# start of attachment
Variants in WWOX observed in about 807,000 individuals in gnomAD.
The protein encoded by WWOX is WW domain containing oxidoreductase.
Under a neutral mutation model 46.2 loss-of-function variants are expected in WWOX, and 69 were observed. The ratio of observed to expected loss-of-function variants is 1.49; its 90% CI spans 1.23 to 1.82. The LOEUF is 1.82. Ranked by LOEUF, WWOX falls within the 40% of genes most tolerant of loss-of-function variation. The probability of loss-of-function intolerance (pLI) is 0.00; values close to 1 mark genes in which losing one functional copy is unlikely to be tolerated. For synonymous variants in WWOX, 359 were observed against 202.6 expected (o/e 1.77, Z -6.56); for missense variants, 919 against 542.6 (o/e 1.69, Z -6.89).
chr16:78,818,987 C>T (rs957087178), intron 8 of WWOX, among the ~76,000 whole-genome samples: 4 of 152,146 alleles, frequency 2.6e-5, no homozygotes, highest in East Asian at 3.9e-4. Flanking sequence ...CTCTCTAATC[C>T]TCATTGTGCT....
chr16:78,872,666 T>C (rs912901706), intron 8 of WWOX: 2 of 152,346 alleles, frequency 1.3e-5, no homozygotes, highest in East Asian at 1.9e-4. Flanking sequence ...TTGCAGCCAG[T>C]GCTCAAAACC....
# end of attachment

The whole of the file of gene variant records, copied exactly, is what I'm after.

Variants in WWOX observed in about 807,000 individuals in gnomAD.
The protein encoded by WWOX is WW domain containing oxidoreductase.
Under a neutral mutation model 46.2 loss-of-function variants are expected in WWOX, and 69 were observed. The ratio of observed to expected loss-of-function variants is 1.49; its 90% CI spans 1.23 to 1.82. The LOEUF is 1.82. Ranked by LOEUF, WWOX falls within the 40% of genes most tolerant of loss-of-function variation. The probability of loss-of-function intolerance (pLI) is 0.00; values close to 1 mark genes in which losing one functional copy is unlikely to be tolerated. For synonymous variants in WWOX, 359 were observed against 202.6 expected (o/e 1.77, Z -6.56); for missense variants, 919 against 542.6 (o/e 1.69, Z -6.89).
chr16:78,818,987 C>T (rs957087178), intron 8 of WWOX, among the ~76,000 whole-genome samples: 4 of 152,146 alleles, frequency 2.6e-5, no homozygotes, highest in East Asian at 3.9e-4. Flanking sequence ...CTCTCTAATC[C>T]TCATTGTGCT....
chr16:78,872,666 T>C (rs912901706), intron 8 of WWOX: 2 of 152,346 alleles, frequency 1.3e-5, no homozygotes, highest in East Asian at 1.9e-4. Flanking sequence ...TTGCAGCCAG[T>C]GCTCAAAACC....